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Old August 13, 2014, 01:23 AM   #1
ExAgoradzo
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358 Win as Elk/Brownie Hunting Rifle

As, some of you know, I am hunting for my 'med bore' rifle. Unless I get some freakishly awesome deal, this will be the last/only one I get.

I don't want a 'magnum' (unless that's all I find). I like the idea that I could do more with less--but is this 'too little'.
I like that the 358Win is a reasonably find-able caliber in terms of ammo.
I don't anticipate taking more than a 300 yard shot with this rifle (realistically it's more like 200).

I really like the BLR so it will have the 20" tube (same as Ruger as well, IDK what other rifles it was chambered in).

I am concerned that 'it just isn't enough' for the Elk/great bear (though in reality it will mostly be a medium game rifle/have fun with a big-bang-at-the-range-with-a-cool-lever-action-rifle).

Thanks again,
Greg
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Old August 13, 2014, 04:09 AM   #2
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The 358 Win is experiencing a bit of a resurgence in popularity up here in Alaska with the anti-magnum crowd.

It works for for moose, deer, caribou, sheep and mountain goats and with the proper bullet and good shot placement it works fine for big browns.

I have seen poorly constructed 375 H&H bullets blow apart when hitting a brown bears shoulder blade. I have also seen a big griz anchored in place with a 6.5x55mm Swede using a 160 grain Hornady round nose right behind the shoulders edge.
So it is bullet placement and bullet construction that matter.

46 grains of Benchmark powder, a Federal match primer, Winchester brass and a 225 grain Nosler Partition bullet will give you 2400 fps from a 22 inch barrel or 2350 fps from a 20 inch barrel.

A Nosler Accubond will go a little faster with the same powder load and give you more range. They work fine on elk and moose.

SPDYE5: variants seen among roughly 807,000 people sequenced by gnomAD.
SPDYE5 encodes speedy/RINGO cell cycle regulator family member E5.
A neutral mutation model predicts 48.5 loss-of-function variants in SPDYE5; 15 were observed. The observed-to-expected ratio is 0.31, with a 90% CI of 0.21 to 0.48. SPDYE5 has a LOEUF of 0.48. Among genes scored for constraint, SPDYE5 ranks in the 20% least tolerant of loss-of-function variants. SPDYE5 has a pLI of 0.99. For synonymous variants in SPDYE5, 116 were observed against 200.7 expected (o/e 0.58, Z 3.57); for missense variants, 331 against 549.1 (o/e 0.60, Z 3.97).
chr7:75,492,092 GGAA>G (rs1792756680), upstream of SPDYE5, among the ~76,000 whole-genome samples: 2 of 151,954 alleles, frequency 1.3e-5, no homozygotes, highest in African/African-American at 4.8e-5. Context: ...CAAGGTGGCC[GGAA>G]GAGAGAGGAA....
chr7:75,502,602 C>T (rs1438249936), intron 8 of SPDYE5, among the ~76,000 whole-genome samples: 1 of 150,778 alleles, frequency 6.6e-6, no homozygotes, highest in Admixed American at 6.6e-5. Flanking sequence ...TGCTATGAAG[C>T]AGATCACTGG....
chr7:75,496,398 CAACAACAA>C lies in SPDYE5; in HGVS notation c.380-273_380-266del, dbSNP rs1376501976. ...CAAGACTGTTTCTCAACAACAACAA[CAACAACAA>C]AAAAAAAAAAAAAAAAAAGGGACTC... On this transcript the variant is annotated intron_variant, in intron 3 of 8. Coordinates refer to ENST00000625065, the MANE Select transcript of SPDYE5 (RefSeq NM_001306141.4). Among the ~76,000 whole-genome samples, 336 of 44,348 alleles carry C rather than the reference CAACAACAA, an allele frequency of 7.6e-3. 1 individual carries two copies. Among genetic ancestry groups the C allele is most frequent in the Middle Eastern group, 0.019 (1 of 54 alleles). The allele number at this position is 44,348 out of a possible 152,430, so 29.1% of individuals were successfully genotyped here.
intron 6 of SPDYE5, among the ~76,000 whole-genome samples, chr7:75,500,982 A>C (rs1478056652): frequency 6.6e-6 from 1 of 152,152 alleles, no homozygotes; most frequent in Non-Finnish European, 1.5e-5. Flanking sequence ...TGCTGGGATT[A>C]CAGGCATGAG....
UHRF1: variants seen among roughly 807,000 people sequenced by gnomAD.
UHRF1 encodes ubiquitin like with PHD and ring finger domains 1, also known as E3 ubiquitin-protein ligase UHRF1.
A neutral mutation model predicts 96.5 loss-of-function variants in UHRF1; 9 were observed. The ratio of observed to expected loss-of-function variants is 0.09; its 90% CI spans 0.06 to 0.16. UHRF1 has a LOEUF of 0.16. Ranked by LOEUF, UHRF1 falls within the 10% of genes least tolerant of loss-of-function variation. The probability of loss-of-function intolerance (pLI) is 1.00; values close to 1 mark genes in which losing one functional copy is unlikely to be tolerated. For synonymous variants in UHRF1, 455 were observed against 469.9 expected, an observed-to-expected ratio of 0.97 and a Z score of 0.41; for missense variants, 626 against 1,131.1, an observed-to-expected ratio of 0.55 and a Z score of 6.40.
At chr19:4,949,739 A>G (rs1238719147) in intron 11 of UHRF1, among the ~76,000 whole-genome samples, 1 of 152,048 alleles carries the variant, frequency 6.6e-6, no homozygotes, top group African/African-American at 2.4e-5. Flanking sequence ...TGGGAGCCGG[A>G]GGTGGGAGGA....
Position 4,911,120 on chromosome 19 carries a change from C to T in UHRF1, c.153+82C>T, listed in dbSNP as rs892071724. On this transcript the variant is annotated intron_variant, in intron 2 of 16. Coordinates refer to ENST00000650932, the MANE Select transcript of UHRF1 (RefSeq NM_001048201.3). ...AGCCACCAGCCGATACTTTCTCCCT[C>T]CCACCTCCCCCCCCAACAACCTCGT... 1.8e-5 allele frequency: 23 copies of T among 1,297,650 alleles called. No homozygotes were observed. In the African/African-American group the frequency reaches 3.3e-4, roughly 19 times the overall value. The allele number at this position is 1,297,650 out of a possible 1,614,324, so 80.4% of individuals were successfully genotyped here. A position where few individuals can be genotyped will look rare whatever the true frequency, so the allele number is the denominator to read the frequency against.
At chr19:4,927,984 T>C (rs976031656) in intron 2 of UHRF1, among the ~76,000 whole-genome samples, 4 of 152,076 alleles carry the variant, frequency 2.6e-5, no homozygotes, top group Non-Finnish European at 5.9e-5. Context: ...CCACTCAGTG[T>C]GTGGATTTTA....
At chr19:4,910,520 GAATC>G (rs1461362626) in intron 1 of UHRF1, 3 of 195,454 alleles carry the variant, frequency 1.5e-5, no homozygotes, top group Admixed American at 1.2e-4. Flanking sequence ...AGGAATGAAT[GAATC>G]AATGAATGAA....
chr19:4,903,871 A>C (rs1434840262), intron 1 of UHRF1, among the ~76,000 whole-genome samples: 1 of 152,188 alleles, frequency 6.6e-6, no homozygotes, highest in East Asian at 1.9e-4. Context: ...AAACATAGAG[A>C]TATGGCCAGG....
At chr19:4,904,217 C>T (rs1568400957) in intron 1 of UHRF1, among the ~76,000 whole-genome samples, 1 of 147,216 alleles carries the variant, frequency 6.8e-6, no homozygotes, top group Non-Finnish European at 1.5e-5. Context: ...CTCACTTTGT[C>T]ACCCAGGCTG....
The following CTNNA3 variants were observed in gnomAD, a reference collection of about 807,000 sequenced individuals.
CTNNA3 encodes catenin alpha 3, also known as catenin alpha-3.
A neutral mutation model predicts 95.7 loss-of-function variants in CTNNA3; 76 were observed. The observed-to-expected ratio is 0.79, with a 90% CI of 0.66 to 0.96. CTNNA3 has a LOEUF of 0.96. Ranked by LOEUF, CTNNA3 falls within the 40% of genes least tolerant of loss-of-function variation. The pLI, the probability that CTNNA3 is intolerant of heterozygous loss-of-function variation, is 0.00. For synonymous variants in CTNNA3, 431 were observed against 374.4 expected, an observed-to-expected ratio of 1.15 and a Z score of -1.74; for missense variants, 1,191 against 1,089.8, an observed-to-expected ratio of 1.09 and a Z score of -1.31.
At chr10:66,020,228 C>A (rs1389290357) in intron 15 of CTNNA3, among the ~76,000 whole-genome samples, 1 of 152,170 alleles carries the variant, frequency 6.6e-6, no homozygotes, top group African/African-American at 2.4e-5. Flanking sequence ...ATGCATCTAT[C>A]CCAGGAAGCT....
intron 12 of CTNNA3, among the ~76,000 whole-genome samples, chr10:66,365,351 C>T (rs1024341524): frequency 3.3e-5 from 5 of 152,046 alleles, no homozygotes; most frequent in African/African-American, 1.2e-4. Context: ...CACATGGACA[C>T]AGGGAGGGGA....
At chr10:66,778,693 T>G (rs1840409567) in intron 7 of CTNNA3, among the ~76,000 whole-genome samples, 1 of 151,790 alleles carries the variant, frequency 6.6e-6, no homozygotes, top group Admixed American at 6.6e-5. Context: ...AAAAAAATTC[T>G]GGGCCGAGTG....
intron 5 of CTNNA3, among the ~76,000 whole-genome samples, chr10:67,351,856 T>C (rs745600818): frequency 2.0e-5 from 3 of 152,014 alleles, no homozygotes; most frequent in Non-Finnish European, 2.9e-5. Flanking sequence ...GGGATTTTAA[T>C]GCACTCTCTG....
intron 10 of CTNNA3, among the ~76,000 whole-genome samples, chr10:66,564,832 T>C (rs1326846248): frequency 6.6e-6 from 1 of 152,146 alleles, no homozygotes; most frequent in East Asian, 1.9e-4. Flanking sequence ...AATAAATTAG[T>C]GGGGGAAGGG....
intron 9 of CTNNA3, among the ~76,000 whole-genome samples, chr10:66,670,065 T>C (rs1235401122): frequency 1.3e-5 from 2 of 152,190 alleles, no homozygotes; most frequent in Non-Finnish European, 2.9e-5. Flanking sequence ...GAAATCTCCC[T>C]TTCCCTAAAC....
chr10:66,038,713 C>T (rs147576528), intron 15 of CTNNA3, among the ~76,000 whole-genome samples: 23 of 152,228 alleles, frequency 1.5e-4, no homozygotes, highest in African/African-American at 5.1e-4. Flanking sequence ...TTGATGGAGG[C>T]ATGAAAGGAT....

They are going almost 2,000 fps at 250 yards when launched at 2450 fps.

Personally I am really starting to like the Swift A-frame bullets and Swift Sirocco bullets.

For the anti-lead states you could use 200 and 225 grain Barnes TSX bullets.
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Old August 13, 2014, 09:39 AM   #3
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Great round, but NOT one I'd choose for brown bears...

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Old August 13, 2014, 09:46 AM   #4
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Quote:
Originally Posted by Float Pilot View Post
I have seen poorly constructed 375 H&H bullets blow apart when hitting a brown bears shoulder blade. I have also seen a big griz anchored in place with a 6.5x55mm Swede using a 160 grain Hornady round nose right behind the shoulders edge.
So it is bullet placement and bullet construction that matter.
I'll readily agree that bullet placement and construction are important. I won't go so far as to say they are the only important factors. When dealing with a big grizzly I'd rather have a well placed and constructed bullet from a 375 than an equally well placed and constructed bullet from a 6.5x55.

Back on topic, I wouldn't hesitate to shoot the biggest elk that ever walked with a 358. I consider grizzlies to be dangerous game and would prefer something in the 375 H&H class up when dealing with them, but a 358 would be high on the list of non-magnums.
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Old August 13, 2014, 01:09 PM   #5
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Quote:
I consider grizzlies to be dangerous game and would prefer something in the 375 H&H class up when dealing with them, but a 358 would be high on the list of non-magnums.
Yes they do tend to become irritated when wounded. But there is a difference between a defense cartridge and a hunting cartridge.
When hunting I can whistle one through a bear's vitals at 100 yards when he has no clue I am there. The biggest brown bear I ever killed was with a 7x57mm Mauser.

But when I am hiking back to my float-plane with a pack loaded with moose meat..... Well then I want something very large in diameter and fast shooting.
It seems that all the trails back to the plane are surrounded by head high grass and berry bushes.
( Why I carry a M1100 riot gun loaded with 8 Brenneke 12 gauge slugs while meat packing.)



If the original poster wants a 358 Win as a general all around shoot anything non-magnum cartridge, he can general count on that round to cover 95% of all situations.

Granted that a 35 Whelen would be better if he was intentionally wandering about big bear country. And a 416 Taylor would be even better.